Objective: To investigate the impact of corticosteroids (CS) on the viral-specific T-cell response, in particular the JC virus (JCV)-specific one, in an attempt to determine the optimal timing of CS in the management of progressive multifocal leukoencephalopathy-immune reconstitution inflammatory syndrome (PML-IRIS).
Methods: A blood draw was performed before and 7 days after the administration of IV CS to 24 patients with relapsing multiple sclerosis (MS). The phenotypic pattern of T cells was determined by CCR7 and CD45RA. To assess the impact of CS treatment on proliferative response of JCV-, influenza-, and Epstein-Barr virus (EBV)-specific T cells, a thymidine incorporation proliferation assay was performed. An intracellular cytokine staining assay was performed to determine the effect of CS treatment on the production of cytokine by virus-specific T cells. JCV T-cell assays were performed only in JCV-infected patients with MS as detected by serologies (Stratify) or detection of JCV DNA in the urine by PCR.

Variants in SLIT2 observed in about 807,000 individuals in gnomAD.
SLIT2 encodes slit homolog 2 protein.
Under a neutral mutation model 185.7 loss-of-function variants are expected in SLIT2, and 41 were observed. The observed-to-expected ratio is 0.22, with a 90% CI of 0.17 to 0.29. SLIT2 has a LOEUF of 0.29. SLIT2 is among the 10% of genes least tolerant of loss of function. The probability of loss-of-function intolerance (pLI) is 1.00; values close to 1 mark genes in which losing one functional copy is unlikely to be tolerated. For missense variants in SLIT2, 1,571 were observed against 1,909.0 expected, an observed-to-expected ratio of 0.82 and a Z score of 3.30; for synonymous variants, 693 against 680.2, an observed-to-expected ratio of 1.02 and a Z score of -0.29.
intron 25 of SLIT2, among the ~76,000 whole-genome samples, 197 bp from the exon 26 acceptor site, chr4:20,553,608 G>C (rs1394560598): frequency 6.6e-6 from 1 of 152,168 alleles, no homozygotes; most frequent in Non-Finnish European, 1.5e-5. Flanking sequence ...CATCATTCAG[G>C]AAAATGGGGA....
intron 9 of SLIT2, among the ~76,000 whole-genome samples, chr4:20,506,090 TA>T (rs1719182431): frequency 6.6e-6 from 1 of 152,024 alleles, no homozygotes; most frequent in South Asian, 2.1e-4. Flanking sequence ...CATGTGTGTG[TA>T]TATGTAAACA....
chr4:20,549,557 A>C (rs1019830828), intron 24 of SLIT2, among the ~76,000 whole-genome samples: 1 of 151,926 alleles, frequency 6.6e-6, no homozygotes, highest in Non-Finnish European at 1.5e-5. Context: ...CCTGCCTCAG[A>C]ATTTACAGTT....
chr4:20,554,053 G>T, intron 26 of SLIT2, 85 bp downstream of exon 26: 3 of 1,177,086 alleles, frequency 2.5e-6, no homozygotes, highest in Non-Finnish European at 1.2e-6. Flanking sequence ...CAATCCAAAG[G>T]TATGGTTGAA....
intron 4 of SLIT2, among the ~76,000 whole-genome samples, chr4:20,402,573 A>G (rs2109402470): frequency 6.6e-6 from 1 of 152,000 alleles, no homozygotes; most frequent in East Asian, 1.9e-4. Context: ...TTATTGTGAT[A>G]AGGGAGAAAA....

Results: CS led T cells, CD4+ and CD8+, toward a less differentiated phenotype. There was a significant decrease of EBV-, influenza-, and JCV-specific T-cell proliferative response upon CS treatment. There was a significant decrease in the frequency of interferon (IFN) γ- and tumor necrosis factor (TNF) α-producing JCV-specific CD8+ T cells, but not EBV- or influenza-specific CD4+ or CD8+ T cells.
Conclusions: CS have a profound impact on the virus-specific T-cell response, especially on JCV, suggesting that when CS are considered, they should not be given before the onset of clinical or radiologic signs of IRIS. Studies addressing directly patients with MS with natalizumab-caused PML are warranted.
Classification of evidence: This study provides Class III evidence that methylprednisolone treatment decreases the frequency of JCV-specific CD8+ T cells producing IFN-γ and TNFα, impairing control of JCV, suggesting this should be used to treat but not to prevent PML-IRIS. No clinical outcomes were measured.